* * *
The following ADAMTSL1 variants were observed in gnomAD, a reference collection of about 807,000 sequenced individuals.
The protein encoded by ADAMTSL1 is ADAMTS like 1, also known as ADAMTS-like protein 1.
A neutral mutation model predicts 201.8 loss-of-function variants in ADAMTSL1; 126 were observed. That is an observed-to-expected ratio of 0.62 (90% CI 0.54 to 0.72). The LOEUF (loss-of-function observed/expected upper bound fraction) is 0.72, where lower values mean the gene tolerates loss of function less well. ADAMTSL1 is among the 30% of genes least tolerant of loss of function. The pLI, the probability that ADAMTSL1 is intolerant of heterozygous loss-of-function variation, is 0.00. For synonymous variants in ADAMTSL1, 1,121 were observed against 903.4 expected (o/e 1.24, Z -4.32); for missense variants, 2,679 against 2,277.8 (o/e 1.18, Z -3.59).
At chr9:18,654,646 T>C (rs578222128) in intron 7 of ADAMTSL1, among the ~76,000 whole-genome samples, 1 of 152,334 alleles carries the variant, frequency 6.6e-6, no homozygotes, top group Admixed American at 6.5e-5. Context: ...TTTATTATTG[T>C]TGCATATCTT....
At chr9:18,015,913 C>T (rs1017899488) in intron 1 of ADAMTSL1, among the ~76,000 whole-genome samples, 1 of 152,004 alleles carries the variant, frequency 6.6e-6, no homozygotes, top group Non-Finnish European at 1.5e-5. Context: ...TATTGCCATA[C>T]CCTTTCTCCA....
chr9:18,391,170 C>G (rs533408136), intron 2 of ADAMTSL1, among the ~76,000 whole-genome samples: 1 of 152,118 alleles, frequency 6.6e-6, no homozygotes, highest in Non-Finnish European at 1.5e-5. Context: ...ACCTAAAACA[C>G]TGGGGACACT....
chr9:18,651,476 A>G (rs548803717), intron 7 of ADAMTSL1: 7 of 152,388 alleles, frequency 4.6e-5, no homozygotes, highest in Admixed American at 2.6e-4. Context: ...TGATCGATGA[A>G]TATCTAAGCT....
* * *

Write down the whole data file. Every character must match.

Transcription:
The following ADAMTSL1 variants were observed in gnomAD, a reference collection of about 807,000 sequenced individuals.
The protein encoded by ADAMTSL1 is ADAMTS like 1, also known as ADAMTS-like protein 1.
A neutral mutation model predicts 201.8 loss-of-function variants in ADAMTSL1; 126 were observed. That is an observed-to-expected ratio of 0.62 (90% CI 0.54 to 0.72). The LOEUF (loss-of-function observed/expected upper bound fraction) is 0.72, where lower values mean the gene tolerates loss of function less well. ADAMTSL1 is among the 30% of genes least tolerant of loss of function. The pLI, the probability that ADAMTSL1 is intolerant of heterozygous loss-of-function variation, is 0.00. For synonymous variants in ADAMTSL1, 1,121 were observed against 903.4 expected (o/e 1.24, Z -4.32); for missense variants, 2,679 against 2,277.8 (o/e 1.18, Z -3.59).
At chr9:18,654,646 T>C (rs578222128) in intron 7 of ADAMTSL1, among the ~76,000 whole-genome samples, 1 of 152,334 alleles carries the variant, frequency 6.6e-6, no homozygotes, top group Admixed American at 6.5e-5. Context: ...TTTATTATTG[T>C]TGCATATCTT....
At chr9:18,015,913 C>T (rs1017899488) in intron 1 of ADAMTSL1, among the ~76,000 whole-genome samples, 1 of 152,004 alleles carries the variant, frequency 6.6e-6, no homozygotes, top group Non-Finnish European at 1.5e-5. Context: ...TATTGCCATA[C>T]CCTTTCTCCA....
chr9:18,391,170 C>G (rs533408136), intron 2 of ADAMTSL1, among the ~76,000 whole-genome samples: 1 of 152,118 alleles, frequency 6.6e-6, no homozygotes, highest in Non-Finnish European at 1.5e-5. Context: ...ACCTAAAACA[C>G]TGGGGACACT....
chr9:18,651,476 A>G (rs548803717), intron 7 of ADAMTSL1: 7 of 152,388 alleles, frequency 4.6e-5, no homozygotes, highest in Admixed American at 2.6e-4. Context: ...TGATCGATGA[A>G]TATCTAAGCT....